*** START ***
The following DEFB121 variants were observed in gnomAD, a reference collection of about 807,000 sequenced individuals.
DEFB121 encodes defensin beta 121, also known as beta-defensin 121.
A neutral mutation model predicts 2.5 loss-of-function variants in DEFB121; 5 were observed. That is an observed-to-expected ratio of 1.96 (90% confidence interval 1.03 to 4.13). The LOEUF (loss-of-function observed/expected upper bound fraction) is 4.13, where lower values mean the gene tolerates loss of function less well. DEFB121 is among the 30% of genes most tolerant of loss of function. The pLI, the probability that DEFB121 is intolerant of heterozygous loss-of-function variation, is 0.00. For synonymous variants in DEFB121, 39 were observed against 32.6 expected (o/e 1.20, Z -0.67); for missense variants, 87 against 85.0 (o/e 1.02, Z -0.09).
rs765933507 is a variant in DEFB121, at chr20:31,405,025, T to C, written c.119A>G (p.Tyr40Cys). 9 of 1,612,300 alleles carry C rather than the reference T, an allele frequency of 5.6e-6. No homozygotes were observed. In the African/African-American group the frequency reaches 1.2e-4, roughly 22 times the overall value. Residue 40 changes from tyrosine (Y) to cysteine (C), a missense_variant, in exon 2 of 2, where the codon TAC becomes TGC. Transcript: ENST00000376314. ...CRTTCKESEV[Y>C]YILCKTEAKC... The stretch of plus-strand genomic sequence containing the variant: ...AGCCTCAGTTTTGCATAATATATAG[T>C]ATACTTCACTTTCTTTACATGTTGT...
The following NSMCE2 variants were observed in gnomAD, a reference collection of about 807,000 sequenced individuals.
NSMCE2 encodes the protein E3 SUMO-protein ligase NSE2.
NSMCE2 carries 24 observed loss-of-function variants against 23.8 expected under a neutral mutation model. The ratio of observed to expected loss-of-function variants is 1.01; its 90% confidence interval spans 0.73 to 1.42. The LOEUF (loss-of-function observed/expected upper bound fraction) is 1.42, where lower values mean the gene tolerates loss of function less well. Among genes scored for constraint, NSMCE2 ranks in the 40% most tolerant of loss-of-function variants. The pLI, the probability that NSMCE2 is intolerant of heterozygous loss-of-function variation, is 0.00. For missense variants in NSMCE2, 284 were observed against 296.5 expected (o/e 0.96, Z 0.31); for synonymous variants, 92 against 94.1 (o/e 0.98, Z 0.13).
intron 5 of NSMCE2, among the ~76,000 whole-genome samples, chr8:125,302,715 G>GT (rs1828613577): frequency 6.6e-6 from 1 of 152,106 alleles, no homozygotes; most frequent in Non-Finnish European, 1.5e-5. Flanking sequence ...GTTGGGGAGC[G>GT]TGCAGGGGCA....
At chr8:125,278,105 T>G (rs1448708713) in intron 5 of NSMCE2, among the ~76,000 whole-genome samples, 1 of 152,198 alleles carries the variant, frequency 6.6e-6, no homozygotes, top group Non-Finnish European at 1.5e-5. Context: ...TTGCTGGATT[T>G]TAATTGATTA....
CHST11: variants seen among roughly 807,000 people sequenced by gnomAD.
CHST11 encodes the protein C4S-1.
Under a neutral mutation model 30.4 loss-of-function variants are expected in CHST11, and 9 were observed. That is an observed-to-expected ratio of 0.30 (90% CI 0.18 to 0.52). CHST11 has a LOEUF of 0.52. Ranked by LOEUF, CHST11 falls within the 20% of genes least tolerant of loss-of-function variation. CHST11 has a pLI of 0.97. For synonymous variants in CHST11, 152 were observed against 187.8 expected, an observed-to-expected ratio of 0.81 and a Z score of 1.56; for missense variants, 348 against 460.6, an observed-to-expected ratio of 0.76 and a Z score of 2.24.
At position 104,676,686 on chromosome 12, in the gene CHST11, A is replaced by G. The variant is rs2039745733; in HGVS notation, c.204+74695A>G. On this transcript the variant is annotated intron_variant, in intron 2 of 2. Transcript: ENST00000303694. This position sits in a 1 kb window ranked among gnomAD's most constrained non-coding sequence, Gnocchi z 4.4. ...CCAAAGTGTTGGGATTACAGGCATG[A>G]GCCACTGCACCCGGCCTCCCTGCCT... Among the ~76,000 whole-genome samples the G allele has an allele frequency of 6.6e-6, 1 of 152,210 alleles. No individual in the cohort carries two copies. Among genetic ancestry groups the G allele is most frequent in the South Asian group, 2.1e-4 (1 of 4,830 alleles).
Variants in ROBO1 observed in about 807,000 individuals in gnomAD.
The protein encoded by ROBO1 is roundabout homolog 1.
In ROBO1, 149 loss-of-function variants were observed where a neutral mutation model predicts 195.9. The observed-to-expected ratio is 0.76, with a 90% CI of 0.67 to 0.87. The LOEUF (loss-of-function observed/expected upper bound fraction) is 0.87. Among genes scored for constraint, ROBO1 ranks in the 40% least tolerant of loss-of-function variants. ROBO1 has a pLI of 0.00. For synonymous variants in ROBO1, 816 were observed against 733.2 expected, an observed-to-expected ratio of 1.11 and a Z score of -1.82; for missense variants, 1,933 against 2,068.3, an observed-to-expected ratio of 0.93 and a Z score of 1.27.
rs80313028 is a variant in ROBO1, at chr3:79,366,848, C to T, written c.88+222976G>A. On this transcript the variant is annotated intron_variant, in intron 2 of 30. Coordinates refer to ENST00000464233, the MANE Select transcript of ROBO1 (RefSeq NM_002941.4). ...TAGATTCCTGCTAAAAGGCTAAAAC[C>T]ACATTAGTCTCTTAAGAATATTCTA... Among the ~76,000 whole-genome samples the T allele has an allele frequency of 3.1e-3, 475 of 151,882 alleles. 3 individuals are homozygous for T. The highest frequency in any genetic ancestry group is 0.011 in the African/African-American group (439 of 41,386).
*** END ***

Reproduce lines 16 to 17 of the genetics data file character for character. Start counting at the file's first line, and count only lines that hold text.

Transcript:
In ROBO1, 149 loss-of-function variants were observed where a neutral mutation model predicts 195.9. The observed-to-expected ratio is 0.76, with a 90% CI of 0.67 to 0.87. The LOEUF (loss-of-function observed/expected upper bound fraction) is 0.87. Among genes scored for constraint, ROBO1 ranks in the 40% least tolerant of loss-of-function variants. ROBO1 has a pLI of 0.00. For synonymous variants in ROBO1, 816 were observed against 733.2 expected, an observed-to-expected ratio of 1.11 and a Z score of -1.82; for missense variants, 1,933 against 2,068.3, an observed-to-expected ratio of 0.93 and a Z score of 1.27.
rs80313028 is a variant in ROBO1, at chr3:79,366,848, C to T, written c.88+222976G>A. On this transcript the variant is annotated intron_variant, in intron 2 of 30. Coordinates refer to ENST00000464233, the MANE Select transcript of ROBO1 (RefSeq NM_002941.4). ...TAGATTCCTGCTAAAAGGCTAAAAC[C>T]ACATTAGTCTCTTAAGAATATTCTA... Among the ~76,000 whole-genome samples the T allele has an allele frequency of 3.1e-3, 475 of 151,882 alleles. 3 individuals are homozygous for T. The highest frequency in any genetic ancestry group is 0.011 in the African/African-American group (439 of 41,386).